Implement Mobile Learning ?at Open Universities

Implement Mobile Learning ?at Open Universities

Harris Wang (Athabasca University, Canada)
Copyright: © 2011 |Pages: 16
DOI: 10.4018/978-1-60960-613-8.ch019
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Mobile learning (m-learning) provides convenient access to course materials and other relevant information, especially for learners who are often on the move and cannot afford to spend hours and hours in the classroom, often the case at open universities. As such, implementing mobile learning at open universities makes even more sense. In this chapter we will explore a variety of issues, technologies, and challenges associated with implementing mobile learning at open universities. We will begin with an investigation into open universities’ common mandate and their very nature, and then explain the urgency and advantages for implementing mobile learning in their course and program delivery; we then explore the technical requirements of mobile learning, and present some strategies for mobile learning implementation. We will also explore some architectures and technologies for mobile learning systems. We will conclude the chapter by exploring some of the challenges one may have to face when implementing mobile learning at an open university.
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Education provided by open universities is mainly for people who wish to pursue higher education on a part-time basis and through distance learning. Hence, students at open universities are often full-time employed or have other commitment such as taking care of kids at home. Because of this very reality, students at open universities are often on the move with fractions of time available for study. They may be traveling on a business trip (Peters, 2006); they may be at a job site in a remote area (Tucker et al., 2009); they may be in a park overseeing kids playing. It is desirable for them to utilize the fractions of time they may have in between their normal activities during the day to study. Mobile learning is the solution to make this desire become a reality (Ragus, 2007; Keegan, 2004; Facer et al. 2005; Collins, 2005).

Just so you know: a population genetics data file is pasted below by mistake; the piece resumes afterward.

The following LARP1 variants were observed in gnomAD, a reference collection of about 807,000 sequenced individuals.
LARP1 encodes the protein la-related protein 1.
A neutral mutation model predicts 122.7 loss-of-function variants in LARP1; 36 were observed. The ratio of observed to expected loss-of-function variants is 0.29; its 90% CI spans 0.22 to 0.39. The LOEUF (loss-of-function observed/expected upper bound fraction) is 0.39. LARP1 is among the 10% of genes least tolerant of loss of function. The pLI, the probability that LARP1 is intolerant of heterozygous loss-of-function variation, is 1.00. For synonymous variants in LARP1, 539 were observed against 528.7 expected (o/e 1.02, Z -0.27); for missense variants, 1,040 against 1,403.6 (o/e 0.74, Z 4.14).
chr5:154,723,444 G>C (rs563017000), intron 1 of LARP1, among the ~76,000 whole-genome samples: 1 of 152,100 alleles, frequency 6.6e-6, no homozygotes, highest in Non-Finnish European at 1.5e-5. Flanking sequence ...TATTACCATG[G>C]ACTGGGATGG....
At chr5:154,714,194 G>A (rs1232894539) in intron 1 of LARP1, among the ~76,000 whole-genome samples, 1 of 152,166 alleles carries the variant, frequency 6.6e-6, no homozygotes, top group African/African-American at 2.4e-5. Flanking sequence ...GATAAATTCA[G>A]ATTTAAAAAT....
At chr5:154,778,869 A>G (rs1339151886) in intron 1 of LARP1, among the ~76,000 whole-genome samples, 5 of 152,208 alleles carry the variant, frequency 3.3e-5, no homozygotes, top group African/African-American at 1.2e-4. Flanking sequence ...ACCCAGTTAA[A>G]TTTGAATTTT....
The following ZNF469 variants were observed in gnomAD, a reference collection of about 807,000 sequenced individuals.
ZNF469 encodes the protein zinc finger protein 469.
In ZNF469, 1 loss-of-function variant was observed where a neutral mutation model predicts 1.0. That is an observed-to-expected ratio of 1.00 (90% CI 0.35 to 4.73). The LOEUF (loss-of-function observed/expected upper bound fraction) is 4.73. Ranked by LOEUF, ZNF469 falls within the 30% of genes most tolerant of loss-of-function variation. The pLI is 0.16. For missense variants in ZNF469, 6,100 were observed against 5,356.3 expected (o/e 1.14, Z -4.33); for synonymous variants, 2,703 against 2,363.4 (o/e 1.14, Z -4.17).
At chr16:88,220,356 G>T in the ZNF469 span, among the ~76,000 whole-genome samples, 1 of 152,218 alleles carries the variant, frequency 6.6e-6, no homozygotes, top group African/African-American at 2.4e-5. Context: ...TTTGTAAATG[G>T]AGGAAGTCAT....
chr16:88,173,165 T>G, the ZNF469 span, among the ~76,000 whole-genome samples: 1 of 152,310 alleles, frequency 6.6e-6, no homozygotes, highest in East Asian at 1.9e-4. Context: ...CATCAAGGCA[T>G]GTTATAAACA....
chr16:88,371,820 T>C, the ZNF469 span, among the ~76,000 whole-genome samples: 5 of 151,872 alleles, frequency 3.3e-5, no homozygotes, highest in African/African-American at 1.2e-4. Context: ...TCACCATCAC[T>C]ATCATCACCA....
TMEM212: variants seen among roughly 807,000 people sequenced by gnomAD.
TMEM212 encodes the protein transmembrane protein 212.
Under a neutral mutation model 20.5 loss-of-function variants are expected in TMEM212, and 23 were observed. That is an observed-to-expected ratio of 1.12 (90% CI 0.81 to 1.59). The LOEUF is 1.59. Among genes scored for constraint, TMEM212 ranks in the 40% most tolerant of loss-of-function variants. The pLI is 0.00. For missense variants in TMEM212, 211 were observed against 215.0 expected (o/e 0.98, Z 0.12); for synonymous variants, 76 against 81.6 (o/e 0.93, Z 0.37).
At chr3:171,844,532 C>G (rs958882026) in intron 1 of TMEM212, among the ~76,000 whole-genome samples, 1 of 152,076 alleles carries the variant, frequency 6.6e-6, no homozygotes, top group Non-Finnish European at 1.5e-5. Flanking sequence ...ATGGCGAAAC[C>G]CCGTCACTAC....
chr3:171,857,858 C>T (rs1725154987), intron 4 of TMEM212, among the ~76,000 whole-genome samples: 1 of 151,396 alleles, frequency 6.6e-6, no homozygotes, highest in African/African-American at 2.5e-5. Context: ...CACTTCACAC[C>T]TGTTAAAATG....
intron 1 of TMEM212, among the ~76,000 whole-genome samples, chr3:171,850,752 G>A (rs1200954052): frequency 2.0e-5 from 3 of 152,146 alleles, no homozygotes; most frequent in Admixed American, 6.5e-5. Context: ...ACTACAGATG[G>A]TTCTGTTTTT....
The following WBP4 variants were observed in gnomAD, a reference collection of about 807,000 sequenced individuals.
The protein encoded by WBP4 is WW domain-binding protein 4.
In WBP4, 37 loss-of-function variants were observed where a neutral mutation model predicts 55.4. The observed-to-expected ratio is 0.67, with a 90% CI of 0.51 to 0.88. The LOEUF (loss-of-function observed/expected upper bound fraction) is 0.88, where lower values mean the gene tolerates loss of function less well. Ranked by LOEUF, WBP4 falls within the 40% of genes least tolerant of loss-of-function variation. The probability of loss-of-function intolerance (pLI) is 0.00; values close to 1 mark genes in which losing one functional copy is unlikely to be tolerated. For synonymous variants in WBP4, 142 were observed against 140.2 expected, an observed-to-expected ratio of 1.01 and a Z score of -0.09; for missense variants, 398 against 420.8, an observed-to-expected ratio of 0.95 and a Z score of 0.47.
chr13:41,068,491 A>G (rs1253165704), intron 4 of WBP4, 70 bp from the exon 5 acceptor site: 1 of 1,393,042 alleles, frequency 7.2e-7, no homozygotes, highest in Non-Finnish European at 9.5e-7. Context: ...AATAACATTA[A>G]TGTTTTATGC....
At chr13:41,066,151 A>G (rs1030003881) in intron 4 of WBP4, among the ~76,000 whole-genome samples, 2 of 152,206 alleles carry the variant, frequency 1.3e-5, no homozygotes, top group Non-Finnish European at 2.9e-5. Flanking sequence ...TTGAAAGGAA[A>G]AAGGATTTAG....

Open Universities’ Advantages for Mobile Learning

Mobile learning is learning through mobile devices. Implementing mobile learning requires capable mobile devices, quality learning objects and materials suitable for mobile devices, reliable server services to feed the quality learning objects and materials to mobile devices, and reliable communication network to connect the servers and mobile devices. Fortunately, open universities often have several advantages in implementing mobile learning. In this section, we will explore these advantages in the context of mobile learning implementation.

To implement and deploy mobile learning in open universities such as Athabasca University of Canada, two conditions must be met. Firstly, there must be a significant number of students who have the necessary mobile devices of some sorts to use; the second is that there must be some well designed learning objects accessible for mobile learners to put on their specific mobile devices. Without a large number of potential users, any implementation and deployment of mobile learning would be a waste; without some well designed learning objects available for mobile learners, the potential users of mobile learning won’t be using the system.

Generally speaking, open universities (Wikipedia, 2010) are well equipped with resources and expertise for online course production. Benefited from many years of business practice and experience in course production and delivery for distance learners, it is much easier and more convenient for open universities to relocate their personnel and resources to produce courses for e-learning and m-learning. More importantly, compared with traditional universities and colleges, open universities often have a well established business model to deliver creditable degree programs through distance education. This will make their courses and programs developed for delivery through e-learning and mobile learning systems more attractive to potential distance learners.

Compared to traditional universities, another advantage open universities have in implementing e-learning and mobile learning technologies and systems for distance learning is that students at open universities are more motivated and self-disciplined because they are mostly adult learners. They came to a program or course not because someone else wanted them to. They chose to take the program or course for a clear and good reason, and they are determined to succeed in the course and program.

Because students at open universities are mostly adults, they are more likely to have the ability to plan and manage their study. They are more self-disciplined compared to young learners just graduated from high schools. When using mobile devices for mobile learning, they are less likely to be distracted by the fancy and entertainment features such as games. That won’t be a concern for educators who develop and deliver mobile learning components in their courses.

At open universities, students are not only adults, but also mostly employed. They either already have mobile devices needed for their work and communication needs, or they have the financial ability to purchase one for their personal use. Therefore, they are better equipped with necessary mobile devices needed for mobile learning.

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